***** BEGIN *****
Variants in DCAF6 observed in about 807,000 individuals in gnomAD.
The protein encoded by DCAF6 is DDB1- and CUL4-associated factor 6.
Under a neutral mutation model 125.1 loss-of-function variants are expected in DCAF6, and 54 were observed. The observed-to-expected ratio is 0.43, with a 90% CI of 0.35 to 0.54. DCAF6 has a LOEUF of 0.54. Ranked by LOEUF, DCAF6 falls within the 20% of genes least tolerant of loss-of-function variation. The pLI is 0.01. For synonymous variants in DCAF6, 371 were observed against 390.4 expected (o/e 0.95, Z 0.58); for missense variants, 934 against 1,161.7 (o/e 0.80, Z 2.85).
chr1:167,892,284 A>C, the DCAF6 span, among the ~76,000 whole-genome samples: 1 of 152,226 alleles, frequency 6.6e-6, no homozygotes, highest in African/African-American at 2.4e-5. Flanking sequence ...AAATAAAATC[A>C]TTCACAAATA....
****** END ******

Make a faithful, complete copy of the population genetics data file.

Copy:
Variants in DCAF6 observed in about 807,000 individuals in gnomAD.
The protein encoded by DCAF6 is DDB1- and CUL4-associated factor 6.
Under a neutral mutation model 125.1 loss-of-function variants are expected in DCAF6, and 54 were observed. The observed-to-expected ratio is 0.43, with a 90% CI of 0.35 to 0.54. DCAF6 has a LOEUF of 0.54. Ranked by LOEUF, DCAF6 falls within the 20% of genes least tolerant of loss-of-function variation. The pLI is 0.01. For synonymous variants in DCAF6, 371 were observed against 390.4 expected (o/e 0.95, Z 0.58); for missense variants, 934 against 1,161.7 (o/e 0.80, Z 2.85).
chr1:167,892,284 A>C, the DCAF6 span, among the ~76,000 whole-genome samples: 1 of 152,226 alleles, frequency 6.6e-6, no homozygotes, highest in African/African-American at 2.4e-5. Flanking sequence ...AAATAAAATC[A>C]TTCACAAATA....